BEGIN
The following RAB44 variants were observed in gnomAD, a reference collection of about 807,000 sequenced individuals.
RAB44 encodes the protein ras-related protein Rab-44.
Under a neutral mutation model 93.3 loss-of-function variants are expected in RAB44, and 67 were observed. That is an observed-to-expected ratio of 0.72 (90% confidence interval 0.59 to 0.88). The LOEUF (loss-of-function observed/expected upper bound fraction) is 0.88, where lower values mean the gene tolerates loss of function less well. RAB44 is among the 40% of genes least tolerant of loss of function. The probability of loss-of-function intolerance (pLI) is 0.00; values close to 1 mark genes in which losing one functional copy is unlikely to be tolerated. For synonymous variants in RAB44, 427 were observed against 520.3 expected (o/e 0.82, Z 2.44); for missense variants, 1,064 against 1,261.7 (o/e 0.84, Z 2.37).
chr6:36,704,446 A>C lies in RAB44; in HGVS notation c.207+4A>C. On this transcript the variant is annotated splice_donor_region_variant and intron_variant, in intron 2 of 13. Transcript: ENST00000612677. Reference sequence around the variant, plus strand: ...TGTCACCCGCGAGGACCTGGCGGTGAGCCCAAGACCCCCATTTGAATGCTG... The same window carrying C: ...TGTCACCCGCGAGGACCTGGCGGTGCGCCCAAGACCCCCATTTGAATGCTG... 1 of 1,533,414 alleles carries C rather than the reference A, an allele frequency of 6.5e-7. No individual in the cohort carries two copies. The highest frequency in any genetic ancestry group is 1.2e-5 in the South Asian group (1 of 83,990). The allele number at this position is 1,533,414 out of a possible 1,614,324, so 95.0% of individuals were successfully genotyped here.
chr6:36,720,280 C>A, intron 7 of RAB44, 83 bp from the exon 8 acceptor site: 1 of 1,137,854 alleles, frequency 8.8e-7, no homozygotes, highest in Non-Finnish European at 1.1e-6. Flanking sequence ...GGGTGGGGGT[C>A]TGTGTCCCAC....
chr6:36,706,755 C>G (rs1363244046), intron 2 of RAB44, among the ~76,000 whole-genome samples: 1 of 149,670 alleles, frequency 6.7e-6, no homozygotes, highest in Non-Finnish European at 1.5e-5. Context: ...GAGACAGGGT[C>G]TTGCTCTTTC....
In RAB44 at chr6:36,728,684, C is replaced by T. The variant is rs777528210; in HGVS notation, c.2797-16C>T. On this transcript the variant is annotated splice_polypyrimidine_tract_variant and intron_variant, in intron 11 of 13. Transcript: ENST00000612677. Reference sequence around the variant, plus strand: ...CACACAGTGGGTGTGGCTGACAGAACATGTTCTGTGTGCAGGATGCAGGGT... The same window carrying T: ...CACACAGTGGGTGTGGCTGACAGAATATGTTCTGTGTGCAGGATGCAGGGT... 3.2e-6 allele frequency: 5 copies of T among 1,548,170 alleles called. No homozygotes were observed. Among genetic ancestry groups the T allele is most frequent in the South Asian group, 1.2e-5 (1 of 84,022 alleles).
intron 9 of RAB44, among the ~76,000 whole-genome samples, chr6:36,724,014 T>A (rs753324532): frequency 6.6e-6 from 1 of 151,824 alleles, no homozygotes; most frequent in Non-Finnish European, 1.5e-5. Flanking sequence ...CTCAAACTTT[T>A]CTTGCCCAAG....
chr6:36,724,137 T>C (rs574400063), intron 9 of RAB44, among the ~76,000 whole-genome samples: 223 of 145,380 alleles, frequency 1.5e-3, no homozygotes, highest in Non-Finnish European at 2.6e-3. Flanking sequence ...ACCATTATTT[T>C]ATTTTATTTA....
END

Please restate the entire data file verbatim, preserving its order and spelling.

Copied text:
The following RAB44 variants were observed in gnomAD, a reference collection of about 807,000 sequenced individuals.
RAB44 encodes the protein ras-related protein Rab-44.
Under a neutral mutation model 93.3 loss-of-function variants are expected in RAB44, and 67 were observed. That is an observed-to-expected ratio of 0.72 (90% confidence interval 0.59 to 0.88). The LOEUF (loss-of-function observed/expected upper bound fraction) is 0.88, where lower values mean the gene tolerates loss of function less well. RAB44 is among the 40% of genes least tolerant of loss of function. The probability of loss-of-function intolerance (pLI) is 0.00; values close to 1 mark genes in which losing one functional copy is unlikely to be tolerated. For synonymous variants in RAB44, 427 were observed against 520.3 expected (o/e 0.82, Z 2.44); for missense variants, 1,064 against 1,261.7 (o/e 0.84, Z 2.37).
chr6:36,704,446 A>C lies in RAB44; in HGVS notation c.207+4A>C. On this transcript the variant is annotated splice_donor_region_variant and intron_variant, in intron 2 of 13. Transcript: ENST00000612677. Reference sequence around the variant, plus strand: ...TGTCACCCGCGAGGACCTGGCGGTGAGCCCAAGACCCCCATTTGAATGCTG... The same window carrying C: ...TGTCACCCGCGAGGACCTGGCGGTGCGCCCAAGACCCCCATTTGAATGCTG... 1 of 1,533,414 alleles carries C rather than the reference A, an allele frequency of 6.5e-7. No individual in the cohort carries two copies. The highest frequency in any genetic ancestry group is 1.2e-5 in the South Asian group (1 of 83,990). The allele number at this position is 1,533,414 out of a possible 1,614,324, so 95.0% of individuals were successfully genotyped here.
chr6:36,720,280 C>A, intron 7 of RAB44, 83 bp from the exon 8 acceptor site: 1 of 1,137,854 alleles, frequency 8.8e-7, no homozygotes, highest in Non-Finnish European at 1.1e-6. Flanking sequence ...GGGTGGGGGT[C>A]TGTGTCCCAC....
chr6:36,706,755 C>G (rs1363244046), intron 2 of RAB44, among the ~76,000 whole-genome samples: 1 of 149,670 alleles, frequency 6.7e-6, no homozygotes, highest in Non-Finnish European at 1.5e-5. Context: ...GAGACAGGGT[C>G]TTGCTCTTTC....
In RAB44 at chr6:36,728,684, C is replaced by T. The variant is rs777528210; in HGVS notation, c.2797-16C>T. On this transcript the variant is annotated splice_polypyrimidine_tract_variant and intron_variant, in intron 11 of 13. Transcript: ENST00000612677. Reference sequence around the variant, plus strand: ...CACACAGTGGGTGTGGCTGACAGAACATGTTCTGTGTGCAGGATGCAGGGT... The same window carrying T: ...CACACAGTGGGTGTGGCTGACAGAATATGTTCTGTGTGCAGGATGCAGGGT... 3.2e-6 allele frequency: 5 copies of T among 1,548,170 alleles called. No homozygotes were observed. Among genetic ancestry groups the T allele is most frequent in the South Asian group, 1.2e-5 (1 of 84,022 alleles).
intron 9 of RAB44, among the ~76,000 whole-genome samples, chr6:36,724,014 T>A (rs753324532): frequency 6.6e-6 from 1 of 151,824 alleles, no homozygotes; most frequent in Non-Finnish European, 1.5e-5. Flanking sequence ...CTCAAACTTT[T>A]CTTGCCCAAG....
chr6:36,724,137 T>C (rs574400063), intron 9 of RAB44, among the ~76,000 whole-genome samples: 223 of 145,380 alleles, frequency 1.5e-3, no homozygotes, highest in Non-Finnish European at 2.6e-3. Flanking sequence ...ACCATTATTT[T>C]ATTTTATTTA....